Both times that I have stayed there it was as a stopover on road trips north to places like Yellowstone. I suspect that most of the town's income is through people like me as there is a plethora of chain motels as well as independent ones. A recommendation would be to try and stay at one that is not near the railroad (could be tricky to achieve) as the trains run all night (and use their 'horn' all night too!). It is a very useful stopover though as the motels are very close to the road compared to nearby places like Denver where the traffic is heavier and the road system a little more complicated.
This book is an absolute must-read for all enthusiasts (if that is an appropriate word) of the second world war, war in general or international events in the period. I've heard that they are making a film of it which should also be interesting.
The author, James Bradley is the son of a pacific war soldier who was part of the flag raising team on Iwo Jima and obviously writes about the period with a sense of pride as well as objectivity and sensitivity.
The story is based around 9 American Airforce pilots who were shot down over Chichi Jima in the air raids on the radio transmitter and receiver station there. The only person that made it out of the sea alive was the future American president George Bush senior. The remaining 8 were all captured by the Japanese and treated accordingly.
The book, as I've already stated revolves around these pilots from their childhood and their reasons for enlisting through their training and all the way to their captures from where their stories are re-told by interviews with Japanese veterans that were on the island.
There are an amazing wealth of interviews from Japanese and American veterans to wives and mothers of the air men involved.
Bradley also sets the scene of the whole war brilliantly starting in the mid 19th century with the first american voyage to Chichi Jima through the rise of the Japanese empire and their colonial escapades. How the mindset of the Japanese military came to be is explained including how they came to be so brutal and in many cases suicidal. He also brilliantly enlightens the readier to the hypocrises of war...by citing examples and statistics of basically every major power over the last 200 years and how at one time or another they were criticised and have criticised each other for their barbarous behaviour....when the figures state that they are pretty much all as guilty as each other.
So, from the American discovery of Chichi Jima through to the war criminal trials touching on many of the major events of the second world war in between.....including Pearl Harbour, Tokyo raids, Iwo Jima, Chichi Jima, the tokyo fire bombs and the atomic bombs this is a fascinating insight into the politics of war. It is not for the faint hearted however as there are some frank pictures and reports of the horrors and dehumanising effects of war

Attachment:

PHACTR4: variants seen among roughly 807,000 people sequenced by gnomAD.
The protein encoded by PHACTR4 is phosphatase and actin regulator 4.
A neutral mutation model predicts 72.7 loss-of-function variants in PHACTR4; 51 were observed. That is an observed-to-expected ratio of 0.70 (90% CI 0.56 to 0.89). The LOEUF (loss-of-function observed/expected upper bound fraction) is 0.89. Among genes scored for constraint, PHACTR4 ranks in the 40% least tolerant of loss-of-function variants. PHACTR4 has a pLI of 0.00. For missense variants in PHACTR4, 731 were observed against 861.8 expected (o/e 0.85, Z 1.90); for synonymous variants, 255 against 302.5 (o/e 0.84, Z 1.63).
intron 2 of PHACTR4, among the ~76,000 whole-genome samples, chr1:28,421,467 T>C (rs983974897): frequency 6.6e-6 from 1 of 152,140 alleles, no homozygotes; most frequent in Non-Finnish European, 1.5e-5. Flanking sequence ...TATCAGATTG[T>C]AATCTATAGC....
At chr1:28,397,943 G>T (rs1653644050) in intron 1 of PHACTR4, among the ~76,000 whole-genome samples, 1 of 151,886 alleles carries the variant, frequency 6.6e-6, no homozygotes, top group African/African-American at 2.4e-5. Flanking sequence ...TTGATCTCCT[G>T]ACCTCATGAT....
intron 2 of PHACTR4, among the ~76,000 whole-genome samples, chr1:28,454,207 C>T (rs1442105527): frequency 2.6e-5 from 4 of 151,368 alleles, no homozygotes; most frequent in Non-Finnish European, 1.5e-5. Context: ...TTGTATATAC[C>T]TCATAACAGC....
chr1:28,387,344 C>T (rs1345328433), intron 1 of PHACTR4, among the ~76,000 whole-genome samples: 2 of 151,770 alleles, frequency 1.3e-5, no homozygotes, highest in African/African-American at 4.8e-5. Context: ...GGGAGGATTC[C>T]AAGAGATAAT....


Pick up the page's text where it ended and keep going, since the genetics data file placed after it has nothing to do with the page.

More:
The book is written in a wonderful style which reads like a novel but has the substance of a text book/authoratative work. I can't recommend this book enough.
I believe it retails at £11 hardback from amazon.co.uk and isn't on sale new in paperback anymore, but very cheap 'used and new'. Its about 300 odd pages long.
Well, what can I say! I've been meaning to write this review for a while now but I've been recovering from the epic effort to finish the book!!
That opening paragraph has made it sound like it was a struggle....and to be honest at times it was. There were plenty of deviations from the plot. Some up to 50 pages in length to talk about some history that was relevent to the story...although in general I didn't know what to make of the history per se as hugo wrote the history bits in such a way that it read like it was meant to be a text book and I'd probably trust a text book more. I was tempted to skp some bits as they didn't seem relevent but then he would slip in a bit of the plot here and there and often parts would only seem relevent way afterwards.
The book is set mostly in troubled early 19th century Paris.
The plot of a book follows what I would guess to be the last 50 years of a Frenchman's life after being released from prison. There is some discussion as to how he came to be imprisoned and what happened to him whilst in prison but most of the book is concerned with the events in his life post release.
The plot follows the events that shape him and change his hardened outlook on life.
The story is told from various character's viewpoints, we have as mentioned the released criminal who is the centre of the book but there are large parts of the book that don't concern him.